Cooking Nigella Lawson’s Vietnamese Pork Noodle Soup

While flipping through Nigella Kitchen by Nigella Lawson I was absolutely drawn to her Vietnamese Pork Noodle Soup recipe (page 82). So far under the spell was I that I ignored two very basic facts: 1) our two-year-old doesn’t do so well with soup and 2) it was just starting to get crazy hot when I made it. Ah well, it turned out to be super good, so who cares? I’d rather sweat through making a really great dish that I can use again later down the line than make one that’s not so good any day.

Like a lot of the dishes I’ve made out of Stir-Frying To The Sky’s Edge, there’s a lot of prep work involved here. You cut the pork tenderloin up and then mix it with lime, soy sauce, paprika and fish sauce. While that marinates for about 15 minutes, you can cut up the bok choy, start the pasta water and get the other ingredients ready. I couldn’t find the sprouts and skipped the chiles, so there were a few things I didn’t have to deal with.

Then you’re off to the cooking races. The chicken broth goes in its own pot while you start cooking scallions and then the pork. I used a regular pan this time, but think I’ll go with the wok next time just to see how the process differs. Anyway, there’s more cooking and then transferring of ingredients until you wind up with a pot of noodle-y, porky, boy choy-y soup just begging to be eaten.

If you couldn’t tell, I really enjoyed this dish. The tenderloin took on great flavor even with such a short marinade and the broth had that great saltiness to it that actually made me excited to eat leftovers the next few days. I will definitely make this dish again, but most likely when it’s a bit cooler outside.

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The Pop Poppa Nap Cast Episode 17

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The latest episode of The Pop Poppa Nap Cast deals primarily with Lu’s first and so far only day at daycare as well as some new discoveries about the Old School Sesame Street DVDs and a brief description of why my dad is rad.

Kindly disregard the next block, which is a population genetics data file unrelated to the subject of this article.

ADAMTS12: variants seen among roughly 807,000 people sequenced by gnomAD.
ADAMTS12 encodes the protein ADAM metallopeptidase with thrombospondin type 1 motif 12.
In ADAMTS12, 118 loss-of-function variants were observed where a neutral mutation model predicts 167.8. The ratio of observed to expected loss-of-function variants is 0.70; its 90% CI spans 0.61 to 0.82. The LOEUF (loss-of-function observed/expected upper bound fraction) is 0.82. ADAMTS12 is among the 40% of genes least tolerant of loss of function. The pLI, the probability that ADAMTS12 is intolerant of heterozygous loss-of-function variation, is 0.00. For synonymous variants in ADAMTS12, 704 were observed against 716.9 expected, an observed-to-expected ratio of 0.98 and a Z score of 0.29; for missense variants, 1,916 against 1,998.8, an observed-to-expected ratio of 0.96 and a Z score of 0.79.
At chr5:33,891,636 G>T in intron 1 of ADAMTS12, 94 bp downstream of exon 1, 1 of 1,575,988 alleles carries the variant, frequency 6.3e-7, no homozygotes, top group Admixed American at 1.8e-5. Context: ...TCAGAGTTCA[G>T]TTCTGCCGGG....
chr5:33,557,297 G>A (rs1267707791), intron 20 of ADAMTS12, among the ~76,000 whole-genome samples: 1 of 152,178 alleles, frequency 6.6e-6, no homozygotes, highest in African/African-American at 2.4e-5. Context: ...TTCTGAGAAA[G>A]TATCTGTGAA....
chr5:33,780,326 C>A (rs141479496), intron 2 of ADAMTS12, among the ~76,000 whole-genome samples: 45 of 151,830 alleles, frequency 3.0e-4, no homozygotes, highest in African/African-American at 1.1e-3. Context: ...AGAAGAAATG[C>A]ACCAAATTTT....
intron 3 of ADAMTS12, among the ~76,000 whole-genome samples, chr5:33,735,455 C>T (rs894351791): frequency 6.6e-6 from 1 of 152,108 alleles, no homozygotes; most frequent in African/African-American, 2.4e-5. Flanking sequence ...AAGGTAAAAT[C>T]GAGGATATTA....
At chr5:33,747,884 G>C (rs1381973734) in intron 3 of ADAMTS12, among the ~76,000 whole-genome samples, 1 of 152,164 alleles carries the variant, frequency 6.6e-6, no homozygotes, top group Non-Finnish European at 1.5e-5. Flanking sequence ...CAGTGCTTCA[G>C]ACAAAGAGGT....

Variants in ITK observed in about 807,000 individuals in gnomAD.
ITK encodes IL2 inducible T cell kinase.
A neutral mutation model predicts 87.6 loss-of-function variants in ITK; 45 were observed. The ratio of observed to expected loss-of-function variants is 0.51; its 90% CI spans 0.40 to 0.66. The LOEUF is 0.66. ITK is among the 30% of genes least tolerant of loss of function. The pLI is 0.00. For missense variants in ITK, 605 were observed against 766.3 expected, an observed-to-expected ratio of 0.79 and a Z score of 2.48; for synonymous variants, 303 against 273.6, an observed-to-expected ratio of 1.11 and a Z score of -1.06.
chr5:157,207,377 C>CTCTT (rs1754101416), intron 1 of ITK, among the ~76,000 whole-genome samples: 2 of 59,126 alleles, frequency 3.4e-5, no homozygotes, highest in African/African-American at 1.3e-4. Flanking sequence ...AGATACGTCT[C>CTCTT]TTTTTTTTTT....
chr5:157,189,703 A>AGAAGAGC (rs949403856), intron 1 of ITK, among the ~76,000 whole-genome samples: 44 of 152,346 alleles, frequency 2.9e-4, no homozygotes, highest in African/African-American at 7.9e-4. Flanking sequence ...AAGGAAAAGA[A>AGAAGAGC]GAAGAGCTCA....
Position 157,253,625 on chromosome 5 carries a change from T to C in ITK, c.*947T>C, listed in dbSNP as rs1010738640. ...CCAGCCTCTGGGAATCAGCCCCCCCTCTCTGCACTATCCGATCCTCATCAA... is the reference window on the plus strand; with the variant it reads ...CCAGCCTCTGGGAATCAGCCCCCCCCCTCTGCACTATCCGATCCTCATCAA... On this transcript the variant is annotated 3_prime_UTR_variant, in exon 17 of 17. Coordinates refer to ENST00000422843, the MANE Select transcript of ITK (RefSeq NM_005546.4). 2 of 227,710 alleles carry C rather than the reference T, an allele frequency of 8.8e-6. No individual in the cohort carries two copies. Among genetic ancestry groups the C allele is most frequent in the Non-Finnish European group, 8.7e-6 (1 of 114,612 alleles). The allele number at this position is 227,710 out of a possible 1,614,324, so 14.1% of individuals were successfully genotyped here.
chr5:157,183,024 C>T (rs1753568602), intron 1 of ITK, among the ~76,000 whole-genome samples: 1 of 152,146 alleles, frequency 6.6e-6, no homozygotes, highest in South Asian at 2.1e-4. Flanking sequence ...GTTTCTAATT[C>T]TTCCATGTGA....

The Pop Poppa Nap Cast Episode 17

If you’re curious about the work I did while Lu was at daycare, check out the interviews here and here.

Pop Poppa Seal Of Approval Winner: Sesame Street: Old School – Volume One (1969-1974)

Read more of me on UnitedMonkee.com, MonkeyingAroundTheKitchen.com and on Twitter @PoppaDietsch.

Cooking Ingrid Hoffmann’s Crackling Fish Tacos With Chipotle Tartar Sauce

I know a lot of people like to stick with a particular recipe when they realize how much they like it. I’m not of that school. Yes, I’ll take note of that particular recipe, but I’m always looking for new and different ways to prepare food. That can be a little disappointing when you’ve found a really solid way of making a dish and then only seem to come across lesser ones. I went into Ingrid Hoffman’s Food Network recipe for Crackling Fish Tacos with Chipotle Tartar Sauce which was fairly similar to the delightful Baja Fish Tacos I’ve made and enjoyed several times. And while I didn’t like this new recipe better than the old one, it was still a good dish that would have been all the better had I remembered to pick up a few tomatoes and cheese to serve along with the other sides.

Aside from those gaffs, I followed the recipe pretty closely. I forget what kind of white fish I used, but I want to say tilapia. As you can see I got the chipotle tartar sauce together first and then worked on cutting, dredging and frying the fish chunks. While the actual prep for cooking the fish wasn’t all that different between the two recipes, I’d say the garnishes were. I really like that this one uses cucumbers which have a really nice crunch, but also bring in some moisture. However, my wife and I both found the chipotle tartar sauce to be way too hot. It’s those canned chipotles in adobo sauce that always get me. I’ve got to come up with a good alterative for those guys because they’re way too hot.